The title of Babstock's fourth book, Methodist Hatchet, resonates throughout, from a figurative hatchet cutting the book in two to the enigmatic title poem. Whether he's writing about David Foster Wallace, the Donkey Sanctuary, or an afternoon in St. John's, the operating principle in this book is not unlike the palindrome, which can feel like a yo-yo, winding out and snapping back. Or, coming back to the hatchet metaphor, like a portrait, a moment, an idea, or object, cut in two and looked at from an otherwise impossible perspective. The method is often the message.
I can't go on, I'll go on, Beckett said. And that's also at play here. Look, look again. Listen, listen again. What anchors the reader is sound. As with Babstock's earlier collections, the poems in Methodist Hatchet live at the level of the syllable as much as the turn of the phrase: “Joe Sakic,/ and a dull ache…”, “ID chips like cysts,” “done in love, in lieu,” “sponge-cluster,” “Stall Creeper.” The ratio of linguistic play packed in per syllable is high throughout. The vocabulary is lush, peppered with Canadian gems such as Moosonee and Tecumseh, but also Chekhov, Zizus and PVC. The divergent sounds and many appearances of the letters x, y and z, creates the sensation of chewing gravel.
There's no slack in a Babstock poem; willful meandering, yes. Methodist Hatchet volleys sound and meaning over a vast intellectual and physical field. Like a good illusionist, the poet says, Look this way, and then transforms the image before it settles: “The pastoral dusted with icing sugar,” “a passion play of flip flops,” “fraternizing with anemone.”
Consider a list of titles: Carolinian (Crosscut with Sound), Wesleyan Kettle, Que Syria, Syria, Nottawasaga, Merganser and Minnow, but also St. Anselm and Goods in Transit, Brief Coherence or Fending Off the Conservatism in Adorno. While the name Adorno, referring to the influential German social theorist, might intimidate the non-theoretically minded, not to worry, as with much of Methodist Hatchet, the poem is slant and playful, everything rooted in dailiness, in the familiar. The poem moves associatively from “Eastern” to “Weston,” from bread to brioche, from Saint Augustine to Marie Antoinette, to the current “four-pound cow pat” of bread to the logical question, “What class are we?”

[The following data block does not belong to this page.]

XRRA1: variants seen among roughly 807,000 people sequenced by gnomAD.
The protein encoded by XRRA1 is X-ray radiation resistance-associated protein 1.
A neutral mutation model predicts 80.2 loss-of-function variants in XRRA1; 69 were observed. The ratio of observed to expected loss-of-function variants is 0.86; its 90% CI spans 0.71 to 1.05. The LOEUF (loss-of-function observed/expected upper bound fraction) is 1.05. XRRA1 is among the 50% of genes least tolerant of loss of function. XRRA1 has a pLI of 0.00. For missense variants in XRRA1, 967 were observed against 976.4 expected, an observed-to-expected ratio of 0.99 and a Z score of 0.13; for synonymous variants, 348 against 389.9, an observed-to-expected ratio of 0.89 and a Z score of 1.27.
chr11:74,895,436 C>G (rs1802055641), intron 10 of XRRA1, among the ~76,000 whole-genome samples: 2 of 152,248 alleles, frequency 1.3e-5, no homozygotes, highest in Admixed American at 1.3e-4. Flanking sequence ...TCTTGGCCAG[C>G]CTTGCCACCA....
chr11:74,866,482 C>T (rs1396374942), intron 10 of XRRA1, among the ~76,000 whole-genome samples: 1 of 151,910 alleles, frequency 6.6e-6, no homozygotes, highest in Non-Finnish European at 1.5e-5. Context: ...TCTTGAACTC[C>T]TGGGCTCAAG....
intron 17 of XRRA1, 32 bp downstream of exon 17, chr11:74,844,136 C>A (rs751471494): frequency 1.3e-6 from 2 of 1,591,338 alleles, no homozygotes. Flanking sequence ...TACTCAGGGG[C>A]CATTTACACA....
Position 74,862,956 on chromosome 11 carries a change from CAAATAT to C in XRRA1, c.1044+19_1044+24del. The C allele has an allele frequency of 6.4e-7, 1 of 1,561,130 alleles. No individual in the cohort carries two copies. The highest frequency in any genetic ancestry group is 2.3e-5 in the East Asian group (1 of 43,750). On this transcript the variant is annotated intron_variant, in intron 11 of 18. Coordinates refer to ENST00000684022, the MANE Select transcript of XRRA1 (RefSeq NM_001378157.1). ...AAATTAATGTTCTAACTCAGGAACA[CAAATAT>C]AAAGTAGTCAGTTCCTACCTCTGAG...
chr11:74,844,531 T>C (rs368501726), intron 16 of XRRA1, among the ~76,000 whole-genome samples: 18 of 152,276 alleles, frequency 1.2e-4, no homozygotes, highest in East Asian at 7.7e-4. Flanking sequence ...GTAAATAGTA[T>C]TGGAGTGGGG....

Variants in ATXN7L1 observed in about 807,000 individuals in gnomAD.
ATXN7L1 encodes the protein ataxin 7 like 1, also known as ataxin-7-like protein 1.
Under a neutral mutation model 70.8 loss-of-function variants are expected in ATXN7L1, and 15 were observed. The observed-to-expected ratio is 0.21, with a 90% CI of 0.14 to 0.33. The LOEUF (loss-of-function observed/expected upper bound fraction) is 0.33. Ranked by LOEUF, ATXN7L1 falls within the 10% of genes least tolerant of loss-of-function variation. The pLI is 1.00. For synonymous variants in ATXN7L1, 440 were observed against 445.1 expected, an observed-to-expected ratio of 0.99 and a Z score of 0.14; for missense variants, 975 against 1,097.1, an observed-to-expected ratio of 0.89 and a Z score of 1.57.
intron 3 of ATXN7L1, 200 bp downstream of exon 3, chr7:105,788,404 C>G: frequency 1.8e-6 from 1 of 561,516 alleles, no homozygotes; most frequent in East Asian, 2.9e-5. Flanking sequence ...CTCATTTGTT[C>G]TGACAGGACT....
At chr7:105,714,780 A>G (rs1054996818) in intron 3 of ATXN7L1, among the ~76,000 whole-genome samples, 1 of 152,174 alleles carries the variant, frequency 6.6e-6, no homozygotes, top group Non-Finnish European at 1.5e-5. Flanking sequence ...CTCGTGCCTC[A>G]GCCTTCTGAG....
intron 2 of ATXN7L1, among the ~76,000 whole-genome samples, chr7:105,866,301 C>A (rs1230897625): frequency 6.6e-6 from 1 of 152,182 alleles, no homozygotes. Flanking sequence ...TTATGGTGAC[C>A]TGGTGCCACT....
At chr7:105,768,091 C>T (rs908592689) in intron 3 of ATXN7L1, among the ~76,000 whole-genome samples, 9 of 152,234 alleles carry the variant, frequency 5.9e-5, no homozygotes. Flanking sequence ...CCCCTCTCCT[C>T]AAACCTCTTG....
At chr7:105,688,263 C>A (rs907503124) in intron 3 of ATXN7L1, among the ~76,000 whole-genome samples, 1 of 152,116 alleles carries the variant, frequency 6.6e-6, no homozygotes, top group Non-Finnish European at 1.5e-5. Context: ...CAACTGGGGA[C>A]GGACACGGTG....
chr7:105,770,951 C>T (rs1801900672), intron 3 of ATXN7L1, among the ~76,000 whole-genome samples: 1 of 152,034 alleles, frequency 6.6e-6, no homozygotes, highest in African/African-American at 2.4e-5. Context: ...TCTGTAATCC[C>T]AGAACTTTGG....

There are historical tensions in the critical discourse of the poetry world between proponents of either lyric or non-lyric modes, as if they are, or could be, polar opposites: the sung and unsung, the whole or the fragment. But, as Babstock illustrates, one need not trade bite for beauty or sound for meaning or relevance. The poems, on balance, are beautifully direct. Attendant. Here is the opening of As Marginalia in John Clare's The Rural Muse:
I wasn't finished. From as far back as I can recall having heard a voice in my skull I've wanted to die, or change, or die changing.
The poem traces the ways in which a person – the poet, John Clare, or a reader of Clare one assumes – yearns to see clearly, even to the last moments of life, to come to terms with one's surroundings, as much as one's thoughts. The mind always making sense, “narrating nightmares of scale,” noticing the “Slug of little light,” mourning the moon “penned in,” and in the end, the room transforms “Reeds curtain, where land abuts lake,/ if such limits exist, if ducks aren't taken/ by pike mid-thought.”
Some describe lyric as a lone voice speaking directly (and clearly) to the reader. Others might say it is a voice as high on language as it is on sound and rhythm, as piercing in its intellectual pursuit as its emotional. But what about a voice that negotiates the fragmentary nature of self and world in every line? That turns formal constraints into pun and play? Methodist Hatchet is as precise as it is expansive, as complex as it is companionable. It refuses to look away from the unstable nature of self and world and word. That is why Babstock is one of the most exciting lyric poets writing today.